Angels on the Mountain

There is a mountain behind my house. In these 30 years I’ve walked up there many times. It was a get away and think place for my kids. It’s granite boulders provide a place to sit and be anchored to the ground while you look off to distant real mountains beyond the faint rooftops. So we’ve gone there alone or together. Just to be there.

There was a notice of a hike up Two Bit, if any kids wanted to go, leaving from the library, taking the Southern route. Seeing that, and my wife having gone off to knit with the women, I decided this might be the time for me to go back, there would be company.

But I always take a Northern route. So I drove my car around to where the trail is wider, more open, and with the winter rains green growth is everywhere, hanging over narrow trails. How long since I’ve been here? Three years? Four? I headed out and up mindful of the springtime rattlesnakes that would rather crawl away but are cranky if wakened.

The trail is just a track, not maintained or groomed. The decomposed granite base is solid but a layer of tiny rocks like ball bearings is a continuous challenge. I carried in my backpack a sweatshirt, some water and a little folding stool with a canvas seat which I used so often eventually I carried it in hand and looked for flat spaces to rest my hip.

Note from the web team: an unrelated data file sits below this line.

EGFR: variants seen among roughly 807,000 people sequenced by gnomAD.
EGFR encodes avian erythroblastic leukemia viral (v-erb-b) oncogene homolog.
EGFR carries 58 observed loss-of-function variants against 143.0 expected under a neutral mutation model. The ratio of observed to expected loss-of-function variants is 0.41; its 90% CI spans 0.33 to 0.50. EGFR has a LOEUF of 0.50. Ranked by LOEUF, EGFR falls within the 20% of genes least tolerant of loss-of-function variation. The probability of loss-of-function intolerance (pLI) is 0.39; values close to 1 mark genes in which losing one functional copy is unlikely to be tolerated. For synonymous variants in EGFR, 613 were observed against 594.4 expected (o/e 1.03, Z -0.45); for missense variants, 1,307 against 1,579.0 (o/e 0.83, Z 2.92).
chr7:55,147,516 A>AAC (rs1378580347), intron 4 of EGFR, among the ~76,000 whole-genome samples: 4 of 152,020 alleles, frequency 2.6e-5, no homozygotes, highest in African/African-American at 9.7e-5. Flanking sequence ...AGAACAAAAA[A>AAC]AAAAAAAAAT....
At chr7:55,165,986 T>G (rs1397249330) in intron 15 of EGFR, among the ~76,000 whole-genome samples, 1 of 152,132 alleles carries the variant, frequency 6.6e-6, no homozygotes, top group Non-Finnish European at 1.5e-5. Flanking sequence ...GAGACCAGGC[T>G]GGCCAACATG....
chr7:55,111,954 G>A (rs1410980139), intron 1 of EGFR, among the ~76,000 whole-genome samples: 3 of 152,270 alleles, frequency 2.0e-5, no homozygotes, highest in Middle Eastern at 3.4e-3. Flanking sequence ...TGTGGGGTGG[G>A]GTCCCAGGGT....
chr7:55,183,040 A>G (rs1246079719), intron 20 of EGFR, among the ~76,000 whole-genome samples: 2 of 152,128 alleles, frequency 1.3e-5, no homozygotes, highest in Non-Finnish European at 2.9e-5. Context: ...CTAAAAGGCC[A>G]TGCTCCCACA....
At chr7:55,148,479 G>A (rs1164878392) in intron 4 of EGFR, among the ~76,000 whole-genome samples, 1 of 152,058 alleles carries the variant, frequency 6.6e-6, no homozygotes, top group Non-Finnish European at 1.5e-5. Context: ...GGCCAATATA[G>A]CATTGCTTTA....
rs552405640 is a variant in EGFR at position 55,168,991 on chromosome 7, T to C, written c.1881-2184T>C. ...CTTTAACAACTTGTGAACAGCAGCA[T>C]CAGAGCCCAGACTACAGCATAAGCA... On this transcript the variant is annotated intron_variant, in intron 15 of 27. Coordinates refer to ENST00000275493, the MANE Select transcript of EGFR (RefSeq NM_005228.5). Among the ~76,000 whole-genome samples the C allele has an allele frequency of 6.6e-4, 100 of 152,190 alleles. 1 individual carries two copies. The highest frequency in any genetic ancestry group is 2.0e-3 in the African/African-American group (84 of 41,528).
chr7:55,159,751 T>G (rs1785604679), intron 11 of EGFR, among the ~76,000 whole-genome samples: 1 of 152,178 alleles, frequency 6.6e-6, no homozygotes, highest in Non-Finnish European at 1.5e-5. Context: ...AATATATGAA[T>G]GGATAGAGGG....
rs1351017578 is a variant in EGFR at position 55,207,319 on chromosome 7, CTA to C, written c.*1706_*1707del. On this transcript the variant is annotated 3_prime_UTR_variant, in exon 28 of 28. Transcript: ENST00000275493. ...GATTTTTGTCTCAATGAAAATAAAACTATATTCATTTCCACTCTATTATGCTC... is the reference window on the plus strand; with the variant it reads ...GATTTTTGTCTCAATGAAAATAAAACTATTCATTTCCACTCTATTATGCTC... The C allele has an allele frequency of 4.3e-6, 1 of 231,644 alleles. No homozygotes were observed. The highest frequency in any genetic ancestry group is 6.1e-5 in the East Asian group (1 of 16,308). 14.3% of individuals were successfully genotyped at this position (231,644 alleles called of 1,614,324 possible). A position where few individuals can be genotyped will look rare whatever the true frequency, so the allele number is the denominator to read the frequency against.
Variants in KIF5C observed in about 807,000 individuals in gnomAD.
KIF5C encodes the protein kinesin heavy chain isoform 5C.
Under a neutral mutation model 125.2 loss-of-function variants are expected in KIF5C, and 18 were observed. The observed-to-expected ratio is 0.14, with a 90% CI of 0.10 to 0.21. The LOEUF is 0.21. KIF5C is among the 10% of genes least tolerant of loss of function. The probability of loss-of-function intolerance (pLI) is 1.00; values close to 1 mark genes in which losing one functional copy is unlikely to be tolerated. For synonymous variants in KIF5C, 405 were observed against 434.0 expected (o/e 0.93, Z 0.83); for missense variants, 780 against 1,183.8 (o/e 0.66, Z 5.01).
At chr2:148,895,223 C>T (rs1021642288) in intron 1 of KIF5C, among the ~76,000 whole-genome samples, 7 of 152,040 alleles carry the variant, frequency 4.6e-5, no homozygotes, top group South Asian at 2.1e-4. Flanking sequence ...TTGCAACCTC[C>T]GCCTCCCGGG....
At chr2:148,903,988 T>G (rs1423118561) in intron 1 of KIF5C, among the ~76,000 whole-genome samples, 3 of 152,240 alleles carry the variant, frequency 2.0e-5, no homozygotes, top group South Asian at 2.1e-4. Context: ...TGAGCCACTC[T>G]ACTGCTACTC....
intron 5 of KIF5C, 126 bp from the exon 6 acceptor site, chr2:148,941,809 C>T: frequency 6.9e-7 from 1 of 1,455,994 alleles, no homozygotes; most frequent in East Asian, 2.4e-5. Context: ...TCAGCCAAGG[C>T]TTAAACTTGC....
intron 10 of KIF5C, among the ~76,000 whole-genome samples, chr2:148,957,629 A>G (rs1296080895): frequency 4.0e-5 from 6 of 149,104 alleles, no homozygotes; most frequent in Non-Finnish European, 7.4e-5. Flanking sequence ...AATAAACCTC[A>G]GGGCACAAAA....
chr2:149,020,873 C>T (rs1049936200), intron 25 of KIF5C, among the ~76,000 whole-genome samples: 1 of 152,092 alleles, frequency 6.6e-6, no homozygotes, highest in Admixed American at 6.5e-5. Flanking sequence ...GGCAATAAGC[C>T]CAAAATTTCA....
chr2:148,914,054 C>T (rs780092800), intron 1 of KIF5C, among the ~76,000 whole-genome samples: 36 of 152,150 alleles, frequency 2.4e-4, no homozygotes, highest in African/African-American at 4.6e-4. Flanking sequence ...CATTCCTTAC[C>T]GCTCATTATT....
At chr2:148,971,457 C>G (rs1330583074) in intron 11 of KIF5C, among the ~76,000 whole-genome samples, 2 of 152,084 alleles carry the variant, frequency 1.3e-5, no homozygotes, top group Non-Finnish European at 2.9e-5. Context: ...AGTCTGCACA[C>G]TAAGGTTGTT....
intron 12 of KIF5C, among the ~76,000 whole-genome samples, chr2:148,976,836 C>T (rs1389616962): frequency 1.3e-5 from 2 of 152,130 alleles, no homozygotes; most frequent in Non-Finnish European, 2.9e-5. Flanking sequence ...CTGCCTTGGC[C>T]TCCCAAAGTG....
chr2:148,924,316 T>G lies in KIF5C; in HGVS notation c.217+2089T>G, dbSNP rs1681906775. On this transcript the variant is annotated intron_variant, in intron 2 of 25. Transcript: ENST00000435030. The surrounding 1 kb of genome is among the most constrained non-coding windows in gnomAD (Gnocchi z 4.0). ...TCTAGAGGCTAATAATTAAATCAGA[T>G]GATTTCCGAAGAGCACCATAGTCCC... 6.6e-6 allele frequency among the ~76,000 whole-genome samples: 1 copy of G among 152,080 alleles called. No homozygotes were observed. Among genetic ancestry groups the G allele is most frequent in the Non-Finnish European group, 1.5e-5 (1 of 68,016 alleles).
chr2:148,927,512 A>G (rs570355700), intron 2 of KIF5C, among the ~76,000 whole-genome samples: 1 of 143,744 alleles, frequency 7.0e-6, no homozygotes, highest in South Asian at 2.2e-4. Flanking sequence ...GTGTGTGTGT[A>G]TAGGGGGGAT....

Years of adjustment and cure have left me with a scar in my cerebellum from metastasis and radiation. This affects my balance. The lower spine was weakened by radiation to bone metastasis and back muscles sometimes can’t handle simple standing. The hip now has avascular necrosis, which sounds frightening but even though it sometimes pains it’s good to know this at least is not more cancer.

So I pick my way and no one knows what I’m doing, where I’m going or where I am. I am on my own. But I know the mountaintop is small. If the kids show up I’ll see them.

At the top I sit among the boulders and look out at my neighborhood. This is where I first found home and new friends when a divorce landed me in this place. Down there is my house, high on the hill, framed by three large trees, a pepper, an oak and a pine.

There is the house I’ve shared with she who took me in, who eventually took in my children and brought me two more. Together we raised five kids in that house. They all graduated college, have good jobs, are good people. They are gone their own way so I wait for what will come.